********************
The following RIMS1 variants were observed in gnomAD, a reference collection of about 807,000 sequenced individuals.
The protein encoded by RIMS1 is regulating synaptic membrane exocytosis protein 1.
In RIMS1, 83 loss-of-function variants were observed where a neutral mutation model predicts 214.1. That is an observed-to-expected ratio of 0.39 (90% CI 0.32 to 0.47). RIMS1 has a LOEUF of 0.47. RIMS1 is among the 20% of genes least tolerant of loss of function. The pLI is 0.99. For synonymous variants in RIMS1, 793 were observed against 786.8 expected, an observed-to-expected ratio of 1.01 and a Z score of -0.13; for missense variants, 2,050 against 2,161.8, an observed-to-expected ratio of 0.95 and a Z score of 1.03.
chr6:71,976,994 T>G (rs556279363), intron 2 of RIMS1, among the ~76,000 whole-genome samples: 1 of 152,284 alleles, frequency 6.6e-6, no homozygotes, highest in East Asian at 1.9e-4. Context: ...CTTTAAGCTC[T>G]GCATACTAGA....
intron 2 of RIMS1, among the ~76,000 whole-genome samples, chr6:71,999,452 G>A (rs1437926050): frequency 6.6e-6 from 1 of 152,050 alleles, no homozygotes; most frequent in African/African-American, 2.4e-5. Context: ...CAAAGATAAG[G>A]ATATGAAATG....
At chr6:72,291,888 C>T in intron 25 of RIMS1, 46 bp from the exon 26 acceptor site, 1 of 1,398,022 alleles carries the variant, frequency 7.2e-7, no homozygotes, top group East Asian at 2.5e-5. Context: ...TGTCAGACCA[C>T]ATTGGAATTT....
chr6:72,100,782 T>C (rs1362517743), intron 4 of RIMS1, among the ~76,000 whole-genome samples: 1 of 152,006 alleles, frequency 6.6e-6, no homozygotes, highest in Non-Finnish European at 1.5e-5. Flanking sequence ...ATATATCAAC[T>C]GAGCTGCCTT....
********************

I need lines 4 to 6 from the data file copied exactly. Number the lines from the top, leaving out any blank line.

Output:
chr6:71,976,994 T>G (rs556279363), intron 2 of RIMS1, among the ~76,000 whole-genome samples: 1 of 152,284 alleles, frequency 6.6e-6, no homozygotes, highest in East Asian at 1.9e-4. Context: ...CTTTAAGCTC[T>G]GCATACTAGA....
intron 2 of RIMS1, among the ~76,000 whole-genome samples, chr6:71,999,452 G>A (rs1437926050): frequency 6.6e-6 from 1 of 152,050 alleles, no homozygotes; most frequent in African/African-American, 2.4e-5. Context: ...CAAAGATAAG[G>A]ATATGAAATG....
At chr6:72,291,888 C>T in intron 25 of RIMS1, 46 bp from the exon 26 acceptor site, 1 of 1,398,022 alleles carries the variant, frequency 7.2e-7, no homozygotes, top group East Asian at 2.5e-5. Context: ...TGTCAGACCA[C>T]ATTGGAATTT....